Put simply, I have a very significant hearing impairment in both ears, but it is far worse in one ear than in the other. The fact that I can hear some sounds if my good ear is turned toward them just confuses people and makes it harder for them to adjust to the fact that they have to help me understand what they are saying.

          Besides the fact that people may get the idea that you hear better than you do if they see you responding to sounds within your range of hearing on the side of your good ear, another problem with having one ear that works somewhat better than the other is that you have no way to figure out what direction a sound is coming from.

     That is a problem I encounter every day. Even when I hear someone begin to speak, it takes me a moment or two to figure out where the person's voice is coming from, so I lose the first part of what he is saying, because I can't read his lips until I am facing him. Without my hearing aids, I only have about 10% comprehension of speech; with them I have about 50% comprehension. I still must read lips, even when I have my hearing aids in.

          Speaking of hearing aids--I don't know what I would do without mine, but they are certainly not a cure-all for deafness.   My favorite line about hearing aids is this:  My hearing aids help me hear about as well as your grandmother's walker helps her run. 

      Hearing aids actually do some weird things with sounds. When I am in a restaurant, I may be able to hear the conversation four tables away as if it were being spoken directly into my ear, but still be unable to make out the words of the person sitting across the table from me. I can't bear to wear hearing aids when walking to and from class, because I pick up bits of conversations from ten yards away, and think that someone has come up behind me and is saying something to me. Before I figured out that I couldn't wear my aids out in the wide world, I was constantly turning to respond to someone that wasn't even there.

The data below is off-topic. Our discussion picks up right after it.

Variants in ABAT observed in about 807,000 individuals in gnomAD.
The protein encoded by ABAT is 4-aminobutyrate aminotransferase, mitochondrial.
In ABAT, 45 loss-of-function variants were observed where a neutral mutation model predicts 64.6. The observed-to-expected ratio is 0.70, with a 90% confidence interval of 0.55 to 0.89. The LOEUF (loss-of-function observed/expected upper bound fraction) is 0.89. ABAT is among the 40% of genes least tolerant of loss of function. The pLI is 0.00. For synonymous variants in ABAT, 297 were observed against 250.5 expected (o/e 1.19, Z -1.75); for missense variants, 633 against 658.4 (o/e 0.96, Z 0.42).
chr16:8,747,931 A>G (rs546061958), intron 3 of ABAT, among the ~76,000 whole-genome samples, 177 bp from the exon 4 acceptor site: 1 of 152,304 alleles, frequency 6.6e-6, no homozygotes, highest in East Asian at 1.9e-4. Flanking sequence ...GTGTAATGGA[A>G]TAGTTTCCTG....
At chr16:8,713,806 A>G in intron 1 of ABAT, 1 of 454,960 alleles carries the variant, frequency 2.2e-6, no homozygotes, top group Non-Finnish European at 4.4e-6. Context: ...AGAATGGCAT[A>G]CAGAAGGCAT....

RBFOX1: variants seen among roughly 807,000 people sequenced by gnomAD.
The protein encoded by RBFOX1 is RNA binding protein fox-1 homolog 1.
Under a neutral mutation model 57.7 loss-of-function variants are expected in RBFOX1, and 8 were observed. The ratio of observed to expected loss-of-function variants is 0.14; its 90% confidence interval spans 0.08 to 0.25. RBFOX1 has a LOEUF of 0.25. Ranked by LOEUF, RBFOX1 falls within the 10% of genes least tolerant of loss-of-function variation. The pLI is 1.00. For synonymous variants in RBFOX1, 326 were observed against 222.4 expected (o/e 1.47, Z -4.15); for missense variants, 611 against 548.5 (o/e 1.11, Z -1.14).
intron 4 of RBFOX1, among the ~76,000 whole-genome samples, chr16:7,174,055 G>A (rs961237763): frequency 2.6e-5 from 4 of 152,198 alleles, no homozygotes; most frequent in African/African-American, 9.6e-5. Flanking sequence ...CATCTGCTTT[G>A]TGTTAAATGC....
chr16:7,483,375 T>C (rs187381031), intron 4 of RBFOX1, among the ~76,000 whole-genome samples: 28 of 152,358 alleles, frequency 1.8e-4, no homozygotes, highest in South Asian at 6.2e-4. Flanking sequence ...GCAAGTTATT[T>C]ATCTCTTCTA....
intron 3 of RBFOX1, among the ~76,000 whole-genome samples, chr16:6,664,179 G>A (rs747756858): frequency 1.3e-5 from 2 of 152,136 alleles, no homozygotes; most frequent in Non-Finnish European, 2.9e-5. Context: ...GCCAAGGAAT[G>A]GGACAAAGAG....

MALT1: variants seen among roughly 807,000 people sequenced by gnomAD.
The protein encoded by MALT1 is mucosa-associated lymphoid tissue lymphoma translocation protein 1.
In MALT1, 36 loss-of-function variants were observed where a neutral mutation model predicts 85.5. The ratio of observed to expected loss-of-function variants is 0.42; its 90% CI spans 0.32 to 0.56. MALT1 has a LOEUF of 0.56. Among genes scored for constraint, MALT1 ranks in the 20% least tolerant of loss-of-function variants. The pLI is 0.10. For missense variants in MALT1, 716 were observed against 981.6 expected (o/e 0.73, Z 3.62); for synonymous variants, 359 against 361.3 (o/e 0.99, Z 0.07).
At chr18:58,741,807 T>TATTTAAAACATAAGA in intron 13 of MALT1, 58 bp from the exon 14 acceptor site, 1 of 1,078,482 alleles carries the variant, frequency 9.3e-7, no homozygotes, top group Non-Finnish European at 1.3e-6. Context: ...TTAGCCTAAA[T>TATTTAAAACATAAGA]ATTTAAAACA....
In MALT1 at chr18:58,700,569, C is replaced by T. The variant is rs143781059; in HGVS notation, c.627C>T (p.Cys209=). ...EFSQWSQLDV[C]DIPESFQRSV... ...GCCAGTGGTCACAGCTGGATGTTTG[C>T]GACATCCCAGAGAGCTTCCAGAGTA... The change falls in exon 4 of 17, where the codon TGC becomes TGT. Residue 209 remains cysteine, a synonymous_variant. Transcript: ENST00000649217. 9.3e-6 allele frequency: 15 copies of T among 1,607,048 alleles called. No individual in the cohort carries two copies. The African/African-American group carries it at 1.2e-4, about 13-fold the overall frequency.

When I first got my hearing aids (in 1994), I was walking home from the hearing clinic on campus, when suddenly the KU marching band started following me home!

      I turned to see them--but they weren't there. I started walking again, and they started following me again!

     Obviously the KU marching band was not actually behind me--they were practicing in an athletic field about ten blocks away. But every time they started playing again, I looked over my shoulder, even though I had already figured out where they really were, and that my hearing aids were playing tricks on me. It sure sounded like they were following me home, and I just couldn't stop checking, even though I knew better.